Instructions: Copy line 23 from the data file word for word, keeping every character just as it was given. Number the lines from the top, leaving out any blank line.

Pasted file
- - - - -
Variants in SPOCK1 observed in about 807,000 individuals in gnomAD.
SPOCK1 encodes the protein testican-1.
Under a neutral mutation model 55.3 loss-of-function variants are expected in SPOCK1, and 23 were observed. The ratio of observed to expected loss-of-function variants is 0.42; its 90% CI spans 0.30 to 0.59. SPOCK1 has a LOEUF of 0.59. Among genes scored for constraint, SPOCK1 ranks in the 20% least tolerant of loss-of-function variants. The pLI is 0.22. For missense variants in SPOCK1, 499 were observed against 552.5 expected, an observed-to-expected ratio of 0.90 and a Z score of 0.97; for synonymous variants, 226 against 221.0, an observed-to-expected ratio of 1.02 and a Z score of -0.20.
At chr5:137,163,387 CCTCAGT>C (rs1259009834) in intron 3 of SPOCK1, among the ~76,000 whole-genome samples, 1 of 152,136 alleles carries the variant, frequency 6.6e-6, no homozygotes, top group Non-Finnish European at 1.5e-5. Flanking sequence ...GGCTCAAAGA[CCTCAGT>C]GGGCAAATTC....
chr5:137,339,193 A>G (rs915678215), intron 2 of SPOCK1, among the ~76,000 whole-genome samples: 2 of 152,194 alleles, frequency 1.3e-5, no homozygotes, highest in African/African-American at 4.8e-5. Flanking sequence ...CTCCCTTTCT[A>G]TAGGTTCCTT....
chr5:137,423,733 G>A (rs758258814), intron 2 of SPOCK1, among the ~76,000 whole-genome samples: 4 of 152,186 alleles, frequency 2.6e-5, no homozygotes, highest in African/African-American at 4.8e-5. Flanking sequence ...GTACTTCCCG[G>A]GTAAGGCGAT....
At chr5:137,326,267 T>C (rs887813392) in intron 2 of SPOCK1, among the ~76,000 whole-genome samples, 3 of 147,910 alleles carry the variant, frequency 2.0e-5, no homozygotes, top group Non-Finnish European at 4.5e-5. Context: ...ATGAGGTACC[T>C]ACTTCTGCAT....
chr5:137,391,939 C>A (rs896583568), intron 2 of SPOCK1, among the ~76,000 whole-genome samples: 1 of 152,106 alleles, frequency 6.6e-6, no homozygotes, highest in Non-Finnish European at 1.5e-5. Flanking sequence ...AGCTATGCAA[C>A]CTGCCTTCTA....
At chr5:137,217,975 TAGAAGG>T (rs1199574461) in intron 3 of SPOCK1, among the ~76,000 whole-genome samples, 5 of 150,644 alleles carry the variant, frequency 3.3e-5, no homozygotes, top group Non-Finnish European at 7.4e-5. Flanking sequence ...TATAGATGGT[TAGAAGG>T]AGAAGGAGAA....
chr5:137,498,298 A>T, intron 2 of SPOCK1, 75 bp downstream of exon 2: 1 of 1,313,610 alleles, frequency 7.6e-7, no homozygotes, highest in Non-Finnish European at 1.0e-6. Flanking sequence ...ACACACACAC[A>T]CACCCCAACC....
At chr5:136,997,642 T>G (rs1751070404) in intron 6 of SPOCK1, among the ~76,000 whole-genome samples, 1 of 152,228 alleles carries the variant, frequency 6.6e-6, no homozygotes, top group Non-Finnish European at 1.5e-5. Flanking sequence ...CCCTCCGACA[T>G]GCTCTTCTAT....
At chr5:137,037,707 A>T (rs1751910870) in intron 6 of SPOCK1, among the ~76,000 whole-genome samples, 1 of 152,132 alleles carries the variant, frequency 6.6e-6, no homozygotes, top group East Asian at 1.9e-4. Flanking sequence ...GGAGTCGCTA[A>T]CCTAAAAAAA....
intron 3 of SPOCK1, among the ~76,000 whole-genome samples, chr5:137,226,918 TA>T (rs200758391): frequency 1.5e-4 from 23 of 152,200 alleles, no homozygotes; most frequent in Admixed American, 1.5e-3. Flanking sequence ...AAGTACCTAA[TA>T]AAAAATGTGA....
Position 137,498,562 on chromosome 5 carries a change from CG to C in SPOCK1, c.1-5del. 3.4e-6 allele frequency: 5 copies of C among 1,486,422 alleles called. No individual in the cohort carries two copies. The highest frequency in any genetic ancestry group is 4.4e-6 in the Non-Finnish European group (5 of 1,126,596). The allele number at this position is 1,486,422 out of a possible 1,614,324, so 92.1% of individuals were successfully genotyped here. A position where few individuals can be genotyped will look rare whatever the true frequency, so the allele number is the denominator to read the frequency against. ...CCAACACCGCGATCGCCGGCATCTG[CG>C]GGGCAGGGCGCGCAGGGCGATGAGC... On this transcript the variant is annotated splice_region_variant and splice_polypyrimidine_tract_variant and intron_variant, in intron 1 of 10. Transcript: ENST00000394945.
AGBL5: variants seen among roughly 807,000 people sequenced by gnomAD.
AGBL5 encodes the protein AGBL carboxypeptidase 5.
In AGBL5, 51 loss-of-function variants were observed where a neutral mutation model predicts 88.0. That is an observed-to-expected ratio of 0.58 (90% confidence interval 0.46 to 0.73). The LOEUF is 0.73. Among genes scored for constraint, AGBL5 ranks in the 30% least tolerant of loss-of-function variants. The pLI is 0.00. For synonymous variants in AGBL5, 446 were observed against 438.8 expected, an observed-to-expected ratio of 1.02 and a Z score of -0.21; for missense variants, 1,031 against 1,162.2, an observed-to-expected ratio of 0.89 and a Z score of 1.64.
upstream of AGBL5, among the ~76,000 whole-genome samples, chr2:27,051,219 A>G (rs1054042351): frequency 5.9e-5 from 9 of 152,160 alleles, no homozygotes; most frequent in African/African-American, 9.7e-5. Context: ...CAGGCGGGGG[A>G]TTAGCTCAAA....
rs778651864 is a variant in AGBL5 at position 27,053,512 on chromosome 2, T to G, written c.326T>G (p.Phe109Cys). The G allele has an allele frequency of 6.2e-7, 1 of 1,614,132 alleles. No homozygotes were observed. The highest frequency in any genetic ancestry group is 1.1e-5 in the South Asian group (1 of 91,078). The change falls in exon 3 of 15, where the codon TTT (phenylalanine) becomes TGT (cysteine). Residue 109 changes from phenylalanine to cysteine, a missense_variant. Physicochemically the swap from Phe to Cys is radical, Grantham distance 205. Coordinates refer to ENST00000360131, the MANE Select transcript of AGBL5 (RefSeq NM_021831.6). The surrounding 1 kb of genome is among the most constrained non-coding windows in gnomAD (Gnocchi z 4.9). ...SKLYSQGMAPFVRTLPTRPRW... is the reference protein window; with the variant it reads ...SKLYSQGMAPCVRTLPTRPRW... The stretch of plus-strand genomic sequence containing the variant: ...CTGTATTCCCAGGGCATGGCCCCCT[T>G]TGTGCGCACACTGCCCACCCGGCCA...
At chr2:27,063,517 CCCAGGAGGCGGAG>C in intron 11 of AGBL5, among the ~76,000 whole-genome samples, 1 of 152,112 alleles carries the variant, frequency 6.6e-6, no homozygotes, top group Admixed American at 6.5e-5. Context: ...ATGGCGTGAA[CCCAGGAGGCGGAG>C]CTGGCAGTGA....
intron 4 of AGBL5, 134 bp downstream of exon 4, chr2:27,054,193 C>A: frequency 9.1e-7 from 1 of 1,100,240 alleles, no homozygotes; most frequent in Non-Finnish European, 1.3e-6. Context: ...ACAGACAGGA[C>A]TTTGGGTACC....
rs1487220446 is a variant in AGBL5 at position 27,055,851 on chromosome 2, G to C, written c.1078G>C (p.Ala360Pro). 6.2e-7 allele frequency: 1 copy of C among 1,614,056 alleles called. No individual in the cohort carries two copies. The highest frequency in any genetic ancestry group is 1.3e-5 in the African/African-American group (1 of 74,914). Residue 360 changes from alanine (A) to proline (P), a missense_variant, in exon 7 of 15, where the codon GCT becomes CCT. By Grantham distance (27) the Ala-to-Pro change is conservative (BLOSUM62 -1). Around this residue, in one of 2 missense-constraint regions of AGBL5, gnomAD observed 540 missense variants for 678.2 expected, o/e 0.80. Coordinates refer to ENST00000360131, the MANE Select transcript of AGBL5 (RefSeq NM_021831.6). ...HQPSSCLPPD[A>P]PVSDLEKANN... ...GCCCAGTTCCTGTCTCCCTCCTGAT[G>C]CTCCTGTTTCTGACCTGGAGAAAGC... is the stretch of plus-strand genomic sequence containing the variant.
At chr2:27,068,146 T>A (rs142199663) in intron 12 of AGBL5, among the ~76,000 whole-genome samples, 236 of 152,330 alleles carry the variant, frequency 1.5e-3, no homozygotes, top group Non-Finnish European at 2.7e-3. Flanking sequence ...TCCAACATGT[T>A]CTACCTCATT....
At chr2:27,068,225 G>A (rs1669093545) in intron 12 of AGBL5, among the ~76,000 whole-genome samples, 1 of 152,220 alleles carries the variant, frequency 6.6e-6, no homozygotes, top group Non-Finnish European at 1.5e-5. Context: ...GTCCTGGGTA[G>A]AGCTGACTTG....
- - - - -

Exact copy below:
At chr2:27,068,146 T>A (rs142199663) in intron 12 of AGBL5, among the ~76,000 whole-genome samples, 236 of 152,330 alleles carry the variant, frequency 1.5e-3, no homozygotes, top group Non-Finnish European at 2.7e-3. Flanking sequence ...TCCAACATGT[T>A]CTACCTCATT....